When Major Suppliers Are There It Is Real
Although it seems that when it comes to electric vehicles the array of observers seem to be completely fixated on every utterance and report coming out of Fremont, California, the rest of the world continues apace on developing the technologies that will cause full-blown electrification (as in not just having a 48-volt system on board).
This became all the more evident to me recently when BASF’s Coatings division announced that it is supplying the surface-pretreatment and waterborne coatings for the NIO ES8, a seven-passenger electric SUV.
“The what?” you may be wondering.
Admittedly, this is a vehicle that was launched late last year and which is specifically developed for the China market (NIO, incidentally, is a Chinese company).
It is an aluminum vehicle—and Magna is supplying the aluminum body parts and chassis components (as well as the gearboxes for the electric drive system: there are two electric motors, one in the front and one in the back).
According to NIO, the vehicle has a range of 220 miles on the European NEDC cycle.
The vehicle is equipped with an array of sensors for ADAS application, including a trifocal front-facing camera, four surround exterior cameras, five millimeter-wave radars, 12 ultrasonic sensors, and a driver motor camera. Also, it is claimed to be the first vehicle on the planet to use the Mobileye EyeQ4 processor.
The NIO is being produced in a plant in Hefei, China. In the case of BASF, according to Nils Lessmann, Vice President and General Manager of BASF Shanghai Coatings, “As a strategic partner, we collaborated with the NIO design team based in Germany throughout the design and development process for the ES8, as well as during production development in China.” Which is the sort of thing that suppliers like BASF routinely do when working on new vehicle developments.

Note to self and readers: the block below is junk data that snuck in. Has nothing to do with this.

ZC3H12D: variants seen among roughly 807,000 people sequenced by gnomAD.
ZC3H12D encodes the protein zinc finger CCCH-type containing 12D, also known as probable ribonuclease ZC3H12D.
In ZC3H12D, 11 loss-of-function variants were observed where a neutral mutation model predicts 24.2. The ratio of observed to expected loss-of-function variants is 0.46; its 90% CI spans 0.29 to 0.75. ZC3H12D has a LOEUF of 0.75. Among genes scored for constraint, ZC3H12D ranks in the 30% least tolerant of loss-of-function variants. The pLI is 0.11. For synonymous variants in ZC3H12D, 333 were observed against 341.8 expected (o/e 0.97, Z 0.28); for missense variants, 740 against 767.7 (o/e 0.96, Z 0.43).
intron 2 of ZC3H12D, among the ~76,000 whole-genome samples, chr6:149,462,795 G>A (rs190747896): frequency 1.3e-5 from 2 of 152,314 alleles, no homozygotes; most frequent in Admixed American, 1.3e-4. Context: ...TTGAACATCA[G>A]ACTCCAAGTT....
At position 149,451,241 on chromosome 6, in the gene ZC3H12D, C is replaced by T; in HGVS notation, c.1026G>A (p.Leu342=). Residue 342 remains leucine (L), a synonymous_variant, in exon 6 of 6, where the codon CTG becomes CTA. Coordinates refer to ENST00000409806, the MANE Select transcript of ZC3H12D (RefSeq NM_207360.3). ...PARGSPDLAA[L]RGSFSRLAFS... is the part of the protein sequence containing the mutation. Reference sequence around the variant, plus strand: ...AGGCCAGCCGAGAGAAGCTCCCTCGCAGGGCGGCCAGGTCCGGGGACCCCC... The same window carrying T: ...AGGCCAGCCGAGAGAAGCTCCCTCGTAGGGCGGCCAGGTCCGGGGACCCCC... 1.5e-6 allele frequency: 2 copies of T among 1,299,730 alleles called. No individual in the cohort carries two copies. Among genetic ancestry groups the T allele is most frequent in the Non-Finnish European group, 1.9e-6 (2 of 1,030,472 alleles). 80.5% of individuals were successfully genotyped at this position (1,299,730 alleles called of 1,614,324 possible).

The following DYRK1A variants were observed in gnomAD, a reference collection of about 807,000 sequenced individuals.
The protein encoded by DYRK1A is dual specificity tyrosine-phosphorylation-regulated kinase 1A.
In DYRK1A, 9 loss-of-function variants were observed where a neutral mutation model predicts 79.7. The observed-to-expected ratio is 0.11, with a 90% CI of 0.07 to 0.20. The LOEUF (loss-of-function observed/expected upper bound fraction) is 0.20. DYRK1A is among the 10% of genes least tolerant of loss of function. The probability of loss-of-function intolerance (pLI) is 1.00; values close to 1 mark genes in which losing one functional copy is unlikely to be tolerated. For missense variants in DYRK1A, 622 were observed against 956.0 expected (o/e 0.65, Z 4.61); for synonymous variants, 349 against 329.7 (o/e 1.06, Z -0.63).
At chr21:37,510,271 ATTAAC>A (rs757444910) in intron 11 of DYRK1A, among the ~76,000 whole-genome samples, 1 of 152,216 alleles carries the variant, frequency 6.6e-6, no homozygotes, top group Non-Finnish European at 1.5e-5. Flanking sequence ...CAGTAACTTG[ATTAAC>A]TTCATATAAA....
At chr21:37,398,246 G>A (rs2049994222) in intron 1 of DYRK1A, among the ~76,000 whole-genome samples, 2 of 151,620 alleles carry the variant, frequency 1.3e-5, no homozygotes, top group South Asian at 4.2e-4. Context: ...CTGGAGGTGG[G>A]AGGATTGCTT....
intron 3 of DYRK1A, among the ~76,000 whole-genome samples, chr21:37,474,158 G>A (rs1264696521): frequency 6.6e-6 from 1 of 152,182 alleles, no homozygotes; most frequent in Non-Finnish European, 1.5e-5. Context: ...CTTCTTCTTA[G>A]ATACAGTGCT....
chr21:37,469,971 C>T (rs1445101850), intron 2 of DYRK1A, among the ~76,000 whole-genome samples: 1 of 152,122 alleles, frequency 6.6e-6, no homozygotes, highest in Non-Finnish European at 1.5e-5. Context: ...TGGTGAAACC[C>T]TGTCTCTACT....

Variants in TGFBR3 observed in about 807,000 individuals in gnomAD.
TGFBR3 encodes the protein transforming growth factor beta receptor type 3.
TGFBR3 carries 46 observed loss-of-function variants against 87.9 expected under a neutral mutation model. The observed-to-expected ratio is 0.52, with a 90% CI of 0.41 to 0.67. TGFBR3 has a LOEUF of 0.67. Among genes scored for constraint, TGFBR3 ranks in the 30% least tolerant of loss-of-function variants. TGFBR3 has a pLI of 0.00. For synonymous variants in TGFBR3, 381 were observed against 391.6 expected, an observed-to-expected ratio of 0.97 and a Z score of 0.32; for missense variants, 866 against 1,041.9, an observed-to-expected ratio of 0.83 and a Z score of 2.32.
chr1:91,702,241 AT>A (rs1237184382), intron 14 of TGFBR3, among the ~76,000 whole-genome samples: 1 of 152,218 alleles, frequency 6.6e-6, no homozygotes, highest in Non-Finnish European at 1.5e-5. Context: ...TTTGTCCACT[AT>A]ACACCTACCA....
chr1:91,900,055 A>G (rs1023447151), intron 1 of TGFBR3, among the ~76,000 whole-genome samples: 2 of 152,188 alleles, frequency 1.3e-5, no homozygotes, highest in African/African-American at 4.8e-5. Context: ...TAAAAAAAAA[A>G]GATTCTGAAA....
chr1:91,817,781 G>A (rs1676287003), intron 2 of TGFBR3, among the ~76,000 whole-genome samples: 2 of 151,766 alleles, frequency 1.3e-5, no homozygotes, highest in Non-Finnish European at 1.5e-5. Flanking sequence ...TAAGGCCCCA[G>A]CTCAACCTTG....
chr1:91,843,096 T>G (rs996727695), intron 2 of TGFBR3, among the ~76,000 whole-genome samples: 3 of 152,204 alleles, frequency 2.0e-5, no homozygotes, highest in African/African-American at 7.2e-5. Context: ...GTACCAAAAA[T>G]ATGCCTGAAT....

What is interesting to note about all this is that when there are companies like BASF and Magna announcing their participation in product programs, you know it is the real deal.
And while the ES8 may be a China-market SUV, you also have to know that it won’t be long until there are vehicles being produced for Western markets. (Although the styling—of the front end, at least—is somewhat Prius-like, from the point of view of size, the ES8 is comparable to an Audi Q7.)
Soon, what happens (or doesn’t happen) in Fremont may be a whole lot less talked about.
Here's an overview of the study of assembly plant productivity that gets the undivided attention of all automakers: "The Harbour Report." Although the Big Three companies are getting better, they still have a way to go. But given the levels of competition, better won't be good enough for some plants, it seems.
I'm not talking about a plastic Revell model of a '57 Chevy, but a real vehicle, one that rolls off an assembly line in 1999 with another 99,999 just like it right behind. Is it possible, or is this just a fantasy of the marketing department at Elmer's?
For the right parts, or families of parts, an automated CNC turning cell is simply the least expensive way to produce high-quality parts. Here’s why.